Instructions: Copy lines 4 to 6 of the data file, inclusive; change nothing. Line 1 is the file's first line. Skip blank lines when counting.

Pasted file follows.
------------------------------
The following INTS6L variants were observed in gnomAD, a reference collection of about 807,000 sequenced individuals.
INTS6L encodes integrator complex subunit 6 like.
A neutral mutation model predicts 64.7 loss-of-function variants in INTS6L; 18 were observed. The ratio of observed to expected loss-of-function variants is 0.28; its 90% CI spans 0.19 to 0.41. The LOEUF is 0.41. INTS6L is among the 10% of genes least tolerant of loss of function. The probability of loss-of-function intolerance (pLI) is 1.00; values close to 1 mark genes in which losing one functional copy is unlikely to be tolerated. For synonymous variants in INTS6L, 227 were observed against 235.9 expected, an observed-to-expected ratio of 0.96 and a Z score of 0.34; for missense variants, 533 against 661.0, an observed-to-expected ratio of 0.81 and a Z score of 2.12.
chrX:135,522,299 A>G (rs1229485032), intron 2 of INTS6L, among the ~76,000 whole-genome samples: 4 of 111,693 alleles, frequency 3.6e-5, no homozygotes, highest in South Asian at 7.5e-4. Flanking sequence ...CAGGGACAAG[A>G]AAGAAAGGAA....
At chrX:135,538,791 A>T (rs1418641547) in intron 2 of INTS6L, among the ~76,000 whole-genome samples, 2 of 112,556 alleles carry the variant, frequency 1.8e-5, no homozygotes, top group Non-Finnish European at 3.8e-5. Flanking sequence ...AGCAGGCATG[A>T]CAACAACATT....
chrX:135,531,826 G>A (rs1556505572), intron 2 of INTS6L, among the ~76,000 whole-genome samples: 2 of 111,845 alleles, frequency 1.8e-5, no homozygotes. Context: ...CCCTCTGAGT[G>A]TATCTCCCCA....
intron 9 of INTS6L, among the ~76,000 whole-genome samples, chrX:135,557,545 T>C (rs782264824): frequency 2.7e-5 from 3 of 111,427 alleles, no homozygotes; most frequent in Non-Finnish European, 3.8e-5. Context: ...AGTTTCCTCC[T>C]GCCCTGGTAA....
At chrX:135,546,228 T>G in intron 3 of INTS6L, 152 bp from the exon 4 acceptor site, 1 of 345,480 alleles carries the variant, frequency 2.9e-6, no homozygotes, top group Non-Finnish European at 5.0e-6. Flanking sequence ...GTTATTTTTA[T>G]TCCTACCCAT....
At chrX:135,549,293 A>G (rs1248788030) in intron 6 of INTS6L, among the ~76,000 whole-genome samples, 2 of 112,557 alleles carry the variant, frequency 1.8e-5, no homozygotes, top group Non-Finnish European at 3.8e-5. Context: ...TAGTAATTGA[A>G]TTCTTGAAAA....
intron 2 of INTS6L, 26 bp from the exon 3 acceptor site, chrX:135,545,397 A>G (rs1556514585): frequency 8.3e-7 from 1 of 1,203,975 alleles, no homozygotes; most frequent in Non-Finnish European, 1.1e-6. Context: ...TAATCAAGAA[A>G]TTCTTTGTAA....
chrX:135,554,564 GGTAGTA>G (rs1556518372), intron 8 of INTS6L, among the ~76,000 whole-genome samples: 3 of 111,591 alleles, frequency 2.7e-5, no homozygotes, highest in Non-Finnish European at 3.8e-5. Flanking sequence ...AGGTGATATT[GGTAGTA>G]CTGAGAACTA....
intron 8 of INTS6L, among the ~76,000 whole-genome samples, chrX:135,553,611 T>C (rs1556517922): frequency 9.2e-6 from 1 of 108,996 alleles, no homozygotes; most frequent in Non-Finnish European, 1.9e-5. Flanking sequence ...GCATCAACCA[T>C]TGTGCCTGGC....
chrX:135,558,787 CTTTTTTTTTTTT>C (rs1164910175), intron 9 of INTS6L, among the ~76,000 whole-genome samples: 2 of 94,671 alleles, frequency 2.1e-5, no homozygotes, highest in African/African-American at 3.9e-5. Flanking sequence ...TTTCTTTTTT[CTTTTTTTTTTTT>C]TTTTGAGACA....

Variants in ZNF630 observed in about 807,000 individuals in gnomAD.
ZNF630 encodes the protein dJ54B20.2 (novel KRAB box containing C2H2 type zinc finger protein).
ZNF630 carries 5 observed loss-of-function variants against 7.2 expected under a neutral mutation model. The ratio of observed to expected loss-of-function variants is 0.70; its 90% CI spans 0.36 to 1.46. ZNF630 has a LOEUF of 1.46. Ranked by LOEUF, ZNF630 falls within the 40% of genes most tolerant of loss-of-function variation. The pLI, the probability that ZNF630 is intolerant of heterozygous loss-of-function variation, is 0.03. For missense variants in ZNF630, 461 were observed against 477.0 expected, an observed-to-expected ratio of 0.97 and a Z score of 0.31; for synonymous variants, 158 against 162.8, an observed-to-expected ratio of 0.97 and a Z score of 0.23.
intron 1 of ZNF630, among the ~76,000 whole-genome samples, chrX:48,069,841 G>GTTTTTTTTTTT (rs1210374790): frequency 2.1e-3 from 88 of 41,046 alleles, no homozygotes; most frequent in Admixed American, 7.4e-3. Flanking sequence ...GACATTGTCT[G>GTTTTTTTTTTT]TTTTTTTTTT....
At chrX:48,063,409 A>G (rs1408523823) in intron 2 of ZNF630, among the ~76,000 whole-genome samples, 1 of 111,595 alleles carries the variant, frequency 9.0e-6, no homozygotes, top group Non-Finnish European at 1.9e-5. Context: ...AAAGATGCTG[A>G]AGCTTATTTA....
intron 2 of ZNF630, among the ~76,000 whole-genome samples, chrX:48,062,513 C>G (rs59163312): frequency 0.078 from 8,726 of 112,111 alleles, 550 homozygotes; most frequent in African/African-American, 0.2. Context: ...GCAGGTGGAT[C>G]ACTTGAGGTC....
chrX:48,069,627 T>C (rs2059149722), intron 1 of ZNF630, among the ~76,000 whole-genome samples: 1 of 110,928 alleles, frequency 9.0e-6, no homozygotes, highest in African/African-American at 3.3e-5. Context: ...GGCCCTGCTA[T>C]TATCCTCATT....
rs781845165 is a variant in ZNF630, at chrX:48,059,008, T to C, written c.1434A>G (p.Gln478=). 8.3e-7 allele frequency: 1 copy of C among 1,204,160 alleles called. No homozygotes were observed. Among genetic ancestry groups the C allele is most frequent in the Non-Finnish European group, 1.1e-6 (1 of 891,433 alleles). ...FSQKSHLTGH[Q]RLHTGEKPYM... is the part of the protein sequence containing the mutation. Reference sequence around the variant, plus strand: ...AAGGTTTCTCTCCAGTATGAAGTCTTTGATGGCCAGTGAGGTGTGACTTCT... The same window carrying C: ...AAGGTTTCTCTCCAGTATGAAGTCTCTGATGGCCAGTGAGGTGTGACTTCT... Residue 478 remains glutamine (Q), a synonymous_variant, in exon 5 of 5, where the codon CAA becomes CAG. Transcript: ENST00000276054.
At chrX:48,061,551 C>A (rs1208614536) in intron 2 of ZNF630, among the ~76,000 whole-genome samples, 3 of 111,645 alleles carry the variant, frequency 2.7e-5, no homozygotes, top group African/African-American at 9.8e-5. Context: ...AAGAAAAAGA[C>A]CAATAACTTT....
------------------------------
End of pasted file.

chrX:135,522,299 A>G (rs1229485032), intron 2 of INTS6L, among the ~76,000 whole-genome samples: 4 of 111,693 alleles, frequency 3.6e-5, no homozygotes, highest in South Asian at 7.5e-4. Flanking sequence ...CAGGGACAAG[A>G]AAGAAAGGAA....
At chrX:135,538,791 A>T (rs1418641547) in intron 2 of INTS6L, among the ~76,000 whole-genome samples, 2 of 112,556 alleles carry the variant, frequency 1.8e-5, no homozygotes, top group Non-Finnish European at 3.8e-5. Flanking sequence ...AGCAGGCATG[A>T]CAACAACATT....
chrX:135,531,826 G>A (rs1556505572), intron 2 of INTS6L, among the ~76,000 whole-genome samples: 2 of 111,845 alleles, frequency 1.8e-5, no homozygotes. Context: ...CCCTCTGAGT[G>A]TATCTCCCCA....